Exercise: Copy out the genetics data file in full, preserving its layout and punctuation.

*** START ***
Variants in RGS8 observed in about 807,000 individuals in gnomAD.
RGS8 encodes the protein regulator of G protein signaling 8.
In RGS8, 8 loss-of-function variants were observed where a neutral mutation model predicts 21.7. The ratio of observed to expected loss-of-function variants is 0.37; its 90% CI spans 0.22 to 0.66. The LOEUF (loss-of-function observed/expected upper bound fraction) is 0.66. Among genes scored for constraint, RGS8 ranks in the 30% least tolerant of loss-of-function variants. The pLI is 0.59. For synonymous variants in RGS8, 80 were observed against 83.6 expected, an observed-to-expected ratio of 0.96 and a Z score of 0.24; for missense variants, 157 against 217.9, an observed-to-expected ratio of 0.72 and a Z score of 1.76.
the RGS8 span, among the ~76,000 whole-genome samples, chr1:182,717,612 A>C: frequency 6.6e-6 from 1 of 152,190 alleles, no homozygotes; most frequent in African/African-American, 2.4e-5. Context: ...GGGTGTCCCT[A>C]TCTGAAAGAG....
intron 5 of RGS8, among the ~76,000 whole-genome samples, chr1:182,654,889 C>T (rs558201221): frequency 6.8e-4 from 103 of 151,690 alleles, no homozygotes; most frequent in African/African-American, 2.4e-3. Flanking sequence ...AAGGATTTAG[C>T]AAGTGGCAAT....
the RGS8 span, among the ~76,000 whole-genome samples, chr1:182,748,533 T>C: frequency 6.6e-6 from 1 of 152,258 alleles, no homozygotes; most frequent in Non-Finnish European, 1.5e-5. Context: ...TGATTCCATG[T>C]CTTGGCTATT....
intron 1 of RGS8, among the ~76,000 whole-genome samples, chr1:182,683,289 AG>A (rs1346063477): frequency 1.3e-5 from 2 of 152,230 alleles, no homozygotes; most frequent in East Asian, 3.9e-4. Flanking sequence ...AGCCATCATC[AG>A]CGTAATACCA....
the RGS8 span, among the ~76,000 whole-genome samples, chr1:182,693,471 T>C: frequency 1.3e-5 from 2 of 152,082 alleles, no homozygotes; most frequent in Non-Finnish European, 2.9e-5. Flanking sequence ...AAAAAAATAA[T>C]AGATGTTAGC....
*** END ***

Variants in RGS8 observed in about 807,000 individuals in gnomAD.
RGS8 encodes the protein regulator of G protein signaling 8.
In RGS8, 8 loss-of-function variants were observed where a neutral mutation model predicts 21.7. The ratio of observed to expected loss-of-function variants is 0.37; its 90% CI spans 0.22 to 0.66. The LOEUF (loss-of-function observed/expected upper bound fraction) is 0.66. Among genes scored for constraint, RGS8 ranks in the 30% least tolerant of loss-of-function variants. The pLI is 0.59. For synonymous variants in RGS8, 80 were observed against 83.6 expected, an observed-to-expected ratio of 0.96 and a Z score of 0.24; for missense variants, 157 against 217.9, an observed-to-expected ratio of 0.72 and a Z score of 1.76.
the RGS8 span, among the ~76,000 whole-genome samples, chr1:182,717,612 A>C: frequency 6.6e-6 from 1 of 152,190 alleles, no homozygotes; most frequent in African/African-American, 2.4e-5. Context: ...GGGTGTCCCT[A>C]TCTGAAAGAG....
intron 5 of RGS8, among the ~76,000 whole-genome samples, chr1:182,654,889 C>T (rs558201221): frequency 6.8e-4 from 103 of 151,690 alleles, no homozygotes; most frequent in African/African-American, 2.4e-3. Flanking sequence ...AAGGATTTAG[C>T]AAGTGGCAAT....
the RGS8 span, among the ~76,000 whole-genome samples, chr1:182,748,533 T>C: frequency 6.6e-6 from 1 of 152,258 alleles, no homozygotes; most frequent in Non-Finnish European, 1.5e-5. Context: ...TGATTCCATG[T>C]CTTGGCTATT....
intron 1 of RGS8, among the ~76,000 whole-genome samples, chr1:182,683,289 AG>A (rs1346063477): frequency 1.3e-5 from 2 of 152,230 alleles, no homozygotes; most frequent in East Asian, 3.9e-4. Flanking sequence ...AGCCATCATC[AG>A]CGTAATACCA....
the RGS8 span, among the ~76,000 whole-genome samples, chr1:182,693,471 T>C: frequency 1.3e-5 from 2 of 152,082 alleles, no homozygotes; most frequent in Non-Finnish European, 2.9e-5. Flanking sequence ...AAAAAAATAA[T>C]AGATGTTAGC....